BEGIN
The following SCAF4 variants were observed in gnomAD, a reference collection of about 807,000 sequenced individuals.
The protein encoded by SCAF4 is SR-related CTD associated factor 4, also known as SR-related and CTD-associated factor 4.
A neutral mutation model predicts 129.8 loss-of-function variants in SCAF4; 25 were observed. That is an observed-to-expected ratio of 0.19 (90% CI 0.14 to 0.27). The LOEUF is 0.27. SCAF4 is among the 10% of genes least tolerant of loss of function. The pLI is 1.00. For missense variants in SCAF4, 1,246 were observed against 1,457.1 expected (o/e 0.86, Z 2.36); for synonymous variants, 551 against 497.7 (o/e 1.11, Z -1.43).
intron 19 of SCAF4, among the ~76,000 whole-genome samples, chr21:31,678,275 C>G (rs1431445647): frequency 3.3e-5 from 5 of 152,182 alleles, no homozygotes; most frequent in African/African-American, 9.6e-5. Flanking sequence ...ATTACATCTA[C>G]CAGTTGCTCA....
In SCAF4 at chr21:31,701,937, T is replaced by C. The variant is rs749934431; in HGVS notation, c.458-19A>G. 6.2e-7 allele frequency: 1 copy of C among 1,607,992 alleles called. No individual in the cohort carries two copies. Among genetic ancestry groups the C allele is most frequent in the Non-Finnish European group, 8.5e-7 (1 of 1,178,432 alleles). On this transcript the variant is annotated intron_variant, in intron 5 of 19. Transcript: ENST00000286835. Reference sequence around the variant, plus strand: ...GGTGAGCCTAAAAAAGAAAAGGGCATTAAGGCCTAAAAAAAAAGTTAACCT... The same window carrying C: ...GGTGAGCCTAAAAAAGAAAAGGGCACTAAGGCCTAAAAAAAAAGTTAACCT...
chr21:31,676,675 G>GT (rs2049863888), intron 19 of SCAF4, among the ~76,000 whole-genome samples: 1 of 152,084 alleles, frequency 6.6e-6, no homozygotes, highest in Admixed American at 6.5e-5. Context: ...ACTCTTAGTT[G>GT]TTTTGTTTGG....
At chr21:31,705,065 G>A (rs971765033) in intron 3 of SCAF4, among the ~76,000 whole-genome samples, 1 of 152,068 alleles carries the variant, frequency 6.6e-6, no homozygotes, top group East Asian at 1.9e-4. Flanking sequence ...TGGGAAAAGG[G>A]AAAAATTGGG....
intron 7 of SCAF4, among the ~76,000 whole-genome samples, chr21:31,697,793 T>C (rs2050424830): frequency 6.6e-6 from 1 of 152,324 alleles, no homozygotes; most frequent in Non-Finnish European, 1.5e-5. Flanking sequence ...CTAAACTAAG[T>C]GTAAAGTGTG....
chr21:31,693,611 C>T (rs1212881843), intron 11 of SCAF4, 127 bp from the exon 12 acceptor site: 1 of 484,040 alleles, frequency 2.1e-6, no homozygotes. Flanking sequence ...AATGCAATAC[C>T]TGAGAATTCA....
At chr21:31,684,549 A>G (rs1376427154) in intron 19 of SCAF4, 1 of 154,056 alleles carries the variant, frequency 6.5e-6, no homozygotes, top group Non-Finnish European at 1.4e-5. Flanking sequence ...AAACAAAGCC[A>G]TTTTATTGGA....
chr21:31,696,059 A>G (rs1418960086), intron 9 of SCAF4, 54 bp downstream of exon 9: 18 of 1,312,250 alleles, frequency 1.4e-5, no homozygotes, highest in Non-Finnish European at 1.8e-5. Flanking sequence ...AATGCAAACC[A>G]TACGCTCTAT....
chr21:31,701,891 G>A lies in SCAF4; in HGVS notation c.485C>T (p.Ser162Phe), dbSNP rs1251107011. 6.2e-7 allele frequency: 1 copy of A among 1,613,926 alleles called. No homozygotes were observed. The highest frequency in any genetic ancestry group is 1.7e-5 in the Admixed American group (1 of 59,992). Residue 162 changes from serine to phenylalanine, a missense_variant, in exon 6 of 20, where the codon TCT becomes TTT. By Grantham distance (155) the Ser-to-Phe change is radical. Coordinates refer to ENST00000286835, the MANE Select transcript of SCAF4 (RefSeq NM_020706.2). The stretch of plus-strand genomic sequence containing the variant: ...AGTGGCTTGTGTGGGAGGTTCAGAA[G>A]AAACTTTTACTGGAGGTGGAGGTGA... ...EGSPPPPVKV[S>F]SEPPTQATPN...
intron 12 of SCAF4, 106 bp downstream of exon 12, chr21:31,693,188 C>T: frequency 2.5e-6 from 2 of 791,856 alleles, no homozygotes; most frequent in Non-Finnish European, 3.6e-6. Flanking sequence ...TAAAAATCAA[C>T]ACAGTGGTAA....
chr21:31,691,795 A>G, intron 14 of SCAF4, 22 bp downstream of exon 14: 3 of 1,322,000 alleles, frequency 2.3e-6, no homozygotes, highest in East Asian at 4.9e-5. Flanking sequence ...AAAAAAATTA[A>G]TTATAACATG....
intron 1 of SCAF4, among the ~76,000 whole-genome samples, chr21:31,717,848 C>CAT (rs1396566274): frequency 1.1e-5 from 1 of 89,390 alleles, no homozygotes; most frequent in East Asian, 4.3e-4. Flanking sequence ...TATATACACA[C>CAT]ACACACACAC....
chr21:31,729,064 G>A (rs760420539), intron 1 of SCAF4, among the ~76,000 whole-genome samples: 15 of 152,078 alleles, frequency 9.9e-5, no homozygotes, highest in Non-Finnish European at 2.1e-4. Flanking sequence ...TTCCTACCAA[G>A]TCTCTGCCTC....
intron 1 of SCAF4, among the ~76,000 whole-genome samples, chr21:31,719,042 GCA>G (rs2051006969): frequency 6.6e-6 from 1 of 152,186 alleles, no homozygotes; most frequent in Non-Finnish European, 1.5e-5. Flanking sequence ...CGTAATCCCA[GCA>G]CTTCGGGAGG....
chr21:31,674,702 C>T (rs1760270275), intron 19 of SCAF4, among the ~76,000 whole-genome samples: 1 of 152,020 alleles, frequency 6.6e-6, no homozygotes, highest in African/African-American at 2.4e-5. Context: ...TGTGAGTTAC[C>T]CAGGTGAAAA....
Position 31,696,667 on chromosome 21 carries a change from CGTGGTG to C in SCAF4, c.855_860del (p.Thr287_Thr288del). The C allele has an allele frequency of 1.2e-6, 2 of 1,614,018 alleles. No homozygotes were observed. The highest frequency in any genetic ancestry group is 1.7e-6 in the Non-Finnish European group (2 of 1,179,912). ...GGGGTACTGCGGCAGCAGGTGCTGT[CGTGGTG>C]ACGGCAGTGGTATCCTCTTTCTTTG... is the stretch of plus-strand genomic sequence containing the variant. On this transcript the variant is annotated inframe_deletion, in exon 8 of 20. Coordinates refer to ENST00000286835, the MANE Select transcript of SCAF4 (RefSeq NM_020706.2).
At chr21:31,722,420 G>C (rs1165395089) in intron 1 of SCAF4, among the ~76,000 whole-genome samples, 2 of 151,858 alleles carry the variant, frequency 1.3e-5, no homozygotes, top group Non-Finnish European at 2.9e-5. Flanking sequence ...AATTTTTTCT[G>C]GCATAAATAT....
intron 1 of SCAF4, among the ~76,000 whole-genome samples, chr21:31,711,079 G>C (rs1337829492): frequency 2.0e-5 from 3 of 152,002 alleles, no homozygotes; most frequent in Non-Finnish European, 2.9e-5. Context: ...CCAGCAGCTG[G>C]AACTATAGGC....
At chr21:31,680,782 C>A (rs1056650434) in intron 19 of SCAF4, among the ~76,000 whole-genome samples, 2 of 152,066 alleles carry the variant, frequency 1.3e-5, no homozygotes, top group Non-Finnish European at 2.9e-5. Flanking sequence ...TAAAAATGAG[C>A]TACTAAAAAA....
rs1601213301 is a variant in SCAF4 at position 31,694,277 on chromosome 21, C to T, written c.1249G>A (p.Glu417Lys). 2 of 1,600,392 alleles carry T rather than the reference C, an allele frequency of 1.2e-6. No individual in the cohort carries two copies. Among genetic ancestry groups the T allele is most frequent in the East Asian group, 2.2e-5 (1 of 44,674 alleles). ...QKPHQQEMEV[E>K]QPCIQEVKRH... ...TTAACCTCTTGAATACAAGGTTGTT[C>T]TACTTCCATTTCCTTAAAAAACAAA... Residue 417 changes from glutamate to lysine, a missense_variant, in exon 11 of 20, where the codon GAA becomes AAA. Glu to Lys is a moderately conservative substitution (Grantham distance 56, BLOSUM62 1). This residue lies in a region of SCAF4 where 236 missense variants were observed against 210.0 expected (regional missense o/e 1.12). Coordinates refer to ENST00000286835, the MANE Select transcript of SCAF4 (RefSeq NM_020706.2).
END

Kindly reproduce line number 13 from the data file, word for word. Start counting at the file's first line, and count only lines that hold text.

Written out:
intron 12 of SCAF4, 106 bp downstream of exon 12, chr21:31,693,188 C>T: frequency 2.5e-6 from 2 of 791,856 alleles, no homozygotes; most frequent in Non-Finnish European, 3.6e-6. Flanking sequence ...TAAAAATCAA[C>T]ACAGTGGTAA....